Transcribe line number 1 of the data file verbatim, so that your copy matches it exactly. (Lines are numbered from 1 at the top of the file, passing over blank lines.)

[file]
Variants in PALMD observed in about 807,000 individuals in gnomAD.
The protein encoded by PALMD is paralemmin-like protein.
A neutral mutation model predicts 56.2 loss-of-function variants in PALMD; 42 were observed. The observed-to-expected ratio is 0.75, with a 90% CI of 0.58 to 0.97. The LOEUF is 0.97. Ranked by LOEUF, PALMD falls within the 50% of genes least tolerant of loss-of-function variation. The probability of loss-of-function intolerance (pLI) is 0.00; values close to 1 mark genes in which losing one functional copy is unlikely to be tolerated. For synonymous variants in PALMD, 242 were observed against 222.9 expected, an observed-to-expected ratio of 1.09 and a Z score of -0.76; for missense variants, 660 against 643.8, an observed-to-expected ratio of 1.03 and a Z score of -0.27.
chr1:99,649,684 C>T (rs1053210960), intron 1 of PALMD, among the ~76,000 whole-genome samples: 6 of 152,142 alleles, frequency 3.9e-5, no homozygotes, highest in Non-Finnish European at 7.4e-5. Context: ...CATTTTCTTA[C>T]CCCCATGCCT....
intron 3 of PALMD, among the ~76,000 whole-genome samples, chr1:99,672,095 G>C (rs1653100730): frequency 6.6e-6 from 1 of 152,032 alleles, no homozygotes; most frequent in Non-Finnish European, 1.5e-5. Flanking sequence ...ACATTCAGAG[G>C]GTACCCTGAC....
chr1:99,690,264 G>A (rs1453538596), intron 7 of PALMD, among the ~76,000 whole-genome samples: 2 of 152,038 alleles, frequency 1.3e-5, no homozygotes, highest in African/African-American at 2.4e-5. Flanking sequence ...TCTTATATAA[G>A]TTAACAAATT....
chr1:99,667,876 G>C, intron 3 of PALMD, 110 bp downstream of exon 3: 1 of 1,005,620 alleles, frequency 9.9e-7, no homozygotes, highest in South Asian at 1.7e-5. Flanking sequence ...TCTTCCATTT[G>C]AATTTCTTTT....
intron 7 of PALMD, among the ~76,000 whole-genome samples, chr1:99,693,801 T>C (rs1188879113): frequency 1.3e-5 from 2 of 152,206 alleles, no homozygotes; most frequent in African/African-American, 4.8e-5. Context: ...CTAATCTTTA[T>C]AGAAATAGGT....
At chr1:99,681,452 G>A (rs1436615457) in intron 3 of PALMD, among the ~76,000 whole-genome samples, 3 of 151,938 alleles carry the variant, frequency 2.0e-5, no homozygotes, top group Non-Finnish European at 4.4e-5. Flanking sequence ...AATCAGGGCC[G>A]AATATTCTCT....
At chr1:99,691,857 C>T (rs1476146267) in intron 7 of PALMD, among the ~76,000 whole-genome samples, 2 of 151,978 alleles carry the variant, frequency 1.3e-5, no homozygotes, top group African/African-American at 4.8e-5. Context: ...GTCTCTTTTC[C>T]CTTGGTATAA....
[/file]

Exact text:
Variants in PALMD observed in about 807,000 individuals in gnomAD.